It is, however, our duty to wait patiently so long as vengeance is reserved in the hand of God, until he stretch forth his arm to help us. We see, therefore, the reason why it is immediately added, Upon thee shall the poor leave. By these words David means, that we ought to give the providence of God time to manifest itself. The godly, when they are afflicted, may with confidence cast their cares into his bosom, and commit themselves to his protection. They ought not, however, to be in haste for the accomplishment of their wishes; but, being now disburdened, they should take their breath till God manifestly declare that the fit time of interfering in their behalf is come. The man, therefore, leaves upon God who betakes himself to his protection, and who, fully persuaded of his faithfulness in keeping what is entrusted to him, quietly waits till the fit time of his deliverance come. Some read the verb passively, The poor shall be left upon thee. The first reading, however, is more correct, and it agrees with the rules of grammar; only it is a defective form of expression, inasmuch as the thing which the poor leaves is not expressed. But this defect is common in Hebrew; and there is no obscurity in the thing itself, namely, that, when the godly commit themselves and their concerns to God by prayer, their prayers will not be in vain; for these two clauses are closely connected, Upon thee shall the poor leave, and, Thou shalt be a helper to the fatherless By a metaphor he terms the person fatherless whom he had in the preceding clause called poor. And the verb being in the future tense denotes a continued act.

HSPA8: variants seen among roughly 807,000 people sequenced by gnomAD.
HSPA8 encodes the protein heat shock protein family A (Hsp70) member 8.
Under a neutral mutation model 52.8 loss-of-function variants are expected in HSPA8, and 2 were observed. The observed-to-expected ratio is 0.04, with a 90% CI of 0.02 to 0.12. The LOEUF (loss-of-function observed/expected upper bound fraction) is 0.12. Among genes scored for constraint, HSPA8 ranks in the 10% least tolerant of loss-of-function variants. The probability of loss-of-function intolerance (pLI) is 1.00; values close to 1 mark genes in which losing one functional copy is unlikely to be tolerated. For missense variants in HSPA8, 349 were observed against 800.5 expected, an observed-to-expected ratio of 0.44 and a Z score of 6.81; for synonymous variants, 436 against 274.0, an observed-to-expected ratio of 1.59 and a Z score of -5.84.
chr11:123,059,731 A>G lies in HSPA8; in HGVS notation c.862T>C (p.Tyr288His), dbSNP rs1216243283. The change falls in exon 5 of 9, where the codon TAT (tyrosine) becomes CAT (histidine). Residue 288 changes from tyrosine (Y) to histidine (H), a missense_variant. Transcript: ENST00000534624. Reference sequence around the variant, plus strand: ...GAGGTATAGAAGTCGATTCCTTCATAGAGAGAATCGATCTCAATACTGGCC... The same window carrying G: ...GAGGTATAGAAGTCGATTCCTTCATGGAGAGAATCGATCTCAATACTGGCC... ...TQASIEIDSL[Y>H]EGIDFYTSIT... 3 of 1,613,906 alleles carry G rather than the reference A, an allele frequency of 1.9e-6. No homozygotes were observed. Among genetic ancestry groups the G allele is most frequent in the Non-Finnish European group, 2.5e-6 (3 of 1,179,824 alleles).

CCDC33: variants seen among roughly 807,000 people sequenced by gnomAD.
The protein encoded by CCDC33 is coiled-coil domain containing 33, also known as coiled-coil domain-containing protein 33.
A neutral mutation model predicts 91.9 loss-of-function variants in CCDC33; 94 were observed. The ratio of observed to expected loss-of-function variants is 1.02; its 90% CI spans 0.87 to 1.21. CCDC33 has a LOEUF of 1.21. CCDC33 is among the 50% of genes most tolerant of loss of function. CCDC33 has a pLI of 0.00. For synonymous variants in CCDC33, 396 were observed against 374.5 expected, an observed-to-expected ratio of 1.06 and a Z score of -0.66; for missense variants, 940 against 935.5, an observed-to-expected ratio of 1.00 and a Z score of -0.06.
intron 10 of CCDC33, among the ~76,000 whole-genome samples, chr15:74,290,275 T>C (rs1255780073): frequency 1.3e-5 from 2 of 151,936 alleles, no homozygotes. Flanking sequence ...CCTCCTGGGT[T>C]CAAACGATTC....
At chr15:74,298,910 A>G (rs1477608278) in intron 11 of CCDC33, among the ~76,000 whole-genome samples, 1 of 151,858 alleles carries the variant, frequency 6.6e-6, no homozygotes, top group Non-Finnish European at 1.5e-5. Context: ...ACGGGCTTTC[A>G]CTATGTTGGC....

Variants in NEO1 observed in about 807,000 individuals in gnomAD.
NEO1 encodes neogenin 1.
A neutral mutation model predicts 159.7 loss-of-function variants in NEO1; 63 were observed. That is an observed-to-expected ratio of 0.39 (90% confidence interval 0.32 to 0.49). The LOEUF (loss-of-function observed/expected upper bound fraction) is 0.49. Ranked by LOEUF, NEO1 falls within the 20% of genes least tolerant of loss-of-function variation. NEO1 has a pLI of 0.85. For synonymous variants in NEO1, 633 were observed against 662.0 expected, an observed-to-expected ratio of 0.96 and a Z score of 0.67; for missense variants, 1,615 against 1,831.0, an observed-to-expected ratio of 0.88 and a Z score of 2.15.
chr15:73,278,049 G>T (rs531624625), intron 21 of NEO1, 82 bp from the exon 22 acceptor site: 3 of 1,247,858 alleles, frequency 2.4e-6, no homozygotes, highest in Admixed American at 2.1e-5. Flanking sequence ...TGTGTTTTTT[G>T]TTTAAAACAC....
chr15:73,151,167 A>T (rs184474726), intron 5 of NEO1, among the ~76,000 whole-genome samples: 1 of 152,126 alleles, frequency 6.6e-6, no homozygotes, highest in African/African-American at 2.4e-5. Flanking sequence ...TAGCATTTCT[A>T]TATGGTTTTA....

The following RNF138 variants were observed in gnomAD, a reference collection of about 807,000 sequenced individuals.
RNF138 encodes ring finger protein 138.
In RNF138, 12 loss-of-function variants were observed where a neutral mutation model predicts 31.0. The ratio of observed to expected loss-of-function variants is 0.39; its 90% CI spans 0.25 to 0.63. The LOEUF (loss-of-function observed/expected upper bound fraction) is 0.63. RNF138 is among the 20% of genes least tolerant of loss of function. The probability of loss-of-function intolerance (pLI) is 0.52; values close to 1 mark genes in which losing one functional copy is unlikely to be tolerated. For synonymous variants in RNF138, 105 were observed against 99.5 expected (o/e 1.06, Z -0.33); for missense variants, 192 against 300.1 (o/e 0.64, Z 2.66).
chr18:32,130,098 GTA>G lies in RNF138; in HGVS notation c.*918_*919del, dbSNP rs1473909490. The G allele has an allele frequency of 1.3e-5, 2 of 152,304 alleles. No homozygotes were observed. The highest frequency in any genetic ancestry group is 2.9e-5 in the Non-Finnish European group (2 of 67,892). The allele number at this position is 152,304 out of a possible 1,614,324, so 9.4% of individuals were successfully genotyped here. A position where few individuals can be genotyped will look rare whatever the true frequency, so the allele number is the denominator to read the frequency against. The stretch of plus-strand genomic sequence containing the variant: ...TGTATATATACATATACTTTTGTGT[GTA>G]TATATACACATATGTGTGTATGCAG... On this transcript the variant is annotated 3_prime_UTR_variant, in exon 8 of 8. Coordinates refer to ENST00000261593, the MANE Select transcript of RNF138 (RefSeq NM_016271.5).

15. Break thou the arm. This form of expression just means breaking the power of the wicked. And it is not simply a prayer; it may also be regarded as a prophecy. As the ungovernable fury of our enemies very often makes us lose courage, as if there were no means by which it could be restrained, David, in order to support his faith, and preserve it from failing through the fears which presented themselves, sets before himself the consideration, that whenever it shall please God to break the power of the ungodly, he will bring to nothing both themselves and all their schemes. To make the meaning the more evident, the sentence may be explained in this way, — Lord, as soon as it shall seem good to thee to break the arm of the wicked, thou wilt destroy him in a moment, and bring to nought his powerful and violent efforts in the work of doing mischief. David, indeed, beseeches God to hasten his assistance and his vengeance; but, in the meantime, while these are withheld, he sustains himself by the consolatory reflection, that the ungodly cannot break forth into violence and mischief except in so far as God permits them; since it is in his power, whenever he ascends into the judgment-seat, to destroy them even with his look alone. And certainly, as the rising sun dissipates the clouds and vapours by his heat, and clears up the dark air, so God, when he stretches forth his hand to execute the office of a Judge, restores to tranquillity and order all the troubles and confusions of the world. The Psalmist calls the person of whom he speaks not only wicked, but the wicked and the evil man, and he does so, in my judgment, for the purpose of setting forth in a stronger light the greatness of the wickedness of the character which he describes. His words are as if he had said, Wicked men may even be frantic in their malice and impiety; but God can promptly and effectually remedy this evil whenever he pleases.